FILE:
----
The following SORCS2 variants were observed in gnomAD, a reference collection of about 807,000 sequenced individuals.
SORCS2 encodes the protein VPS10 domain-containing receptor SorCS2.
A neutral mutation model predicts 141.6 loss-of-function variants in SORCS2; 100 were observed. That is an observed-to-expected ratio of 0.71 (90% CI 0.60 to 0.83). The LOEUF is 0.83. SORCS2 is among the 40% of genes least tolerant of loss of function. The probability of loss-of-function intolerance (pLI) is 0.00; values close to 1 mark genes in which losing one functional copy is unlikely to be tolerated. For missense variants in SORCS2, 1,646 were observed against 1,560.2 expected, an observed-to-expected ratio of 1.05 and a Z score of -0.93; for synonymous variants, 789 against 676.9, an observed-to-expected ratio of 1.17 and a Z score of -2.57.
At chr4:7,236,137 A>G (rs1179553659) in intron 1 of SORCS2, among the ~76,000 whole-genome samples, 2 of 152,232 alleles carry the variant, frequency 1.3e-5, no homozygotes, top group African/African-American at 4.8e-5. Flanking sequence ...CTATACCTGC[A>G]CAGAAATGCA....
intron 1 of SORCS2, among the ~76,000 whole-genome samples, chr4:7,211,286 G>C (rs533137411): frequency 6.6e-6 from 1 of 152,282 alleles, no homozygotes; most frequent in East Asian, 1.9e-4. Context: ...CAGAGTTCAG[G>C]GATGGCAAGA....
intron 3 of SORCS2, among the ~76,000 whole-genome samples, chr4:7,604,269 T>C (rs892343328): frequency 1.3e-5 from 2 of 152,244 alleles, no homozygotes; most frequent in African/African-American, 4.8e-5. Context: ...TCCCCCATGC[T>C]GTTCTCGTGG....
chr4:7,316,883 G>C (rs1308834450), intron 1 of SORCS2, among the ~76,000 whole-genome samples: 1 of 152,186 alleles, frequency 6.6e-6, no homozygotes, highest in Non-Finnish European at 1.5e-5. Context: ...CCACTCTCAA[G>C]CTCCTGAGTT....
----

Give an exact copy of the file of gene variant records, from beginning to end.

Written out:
The following SORCS2 variants were observed in gnomAD, a reference collection of about 807,000 sequenced individuals.
SORCS2 encodes the protein VPS10 domain-containing receptor SorCS2.
A neutral mutation model predicts 141.6 loss-of-function variants in SORCS2; 100 were observed. That is an observed-to-expected ratio of 0.71 (90% CI 0.60 to 0.83). The LOEUF is 0.83. SORCS2 is among the 40% of genes least tolerant of loss of function. The probability of loss-of-function intolerance (pLI) is 0.00; values close to 1 mark genes in which losing one functional copy is unlikely to be tolerated. For missense variants in SORCS2, 1,646 were observed against 1,560.2 expected, an observed-to-expected ratio of 1.05 and a Z score of -0.93; for synonymous variants, 789 against 676.9, an observed-to-expected ratio of 1.17 and a Z score of -2.57.
At chr4:7,236,137 A>G (rs1179553659) in intron 1 of SORCS2, among the ~76,000 whole-genome samples, 2 of 152,232 alleles carry the variant, frequency 1.3e-5, no homozygotes, top group African/African-American at 4.8e-5. Flanking sequence ...CTATACCTGC[A>G]CAGAAATGCA....
intron 1 of SORCS2, among the ~76,000 whole-genome samples, chr4:7,211,286 G>C (rs533137411): frequency 6.6e-6 from 1 of 152,282 alleles, no homozygotes; most frequent in East Asian, 1.9e-4. Context: ...CAGAGTTCAG[G>C]GATGGCAAGA....
intron 3 of SORCS2, among the ~76,000 whole-genome samples, chr4:7,604,269 T>C (rs892343328): frequency 1.3e-5 from 2 of 152,244 alleles, no homozygotes; most frequent in African/African-American, 4.8e-5. Context: ...TCCCCCATGC[T>C]GTTCTCGTGG....
chr4:7,316,883 G>C (rs1308834450), intron 1 of SORCS2, among the ~76,000 whole-genome samples: 1 of 152,186 alleles, frequency 6.6e-6, no homozygotes, highest in Non-Finnish European at 1.5e-5. Context: ...CCACTCTCAA[G>C]CTCCTGAGTT....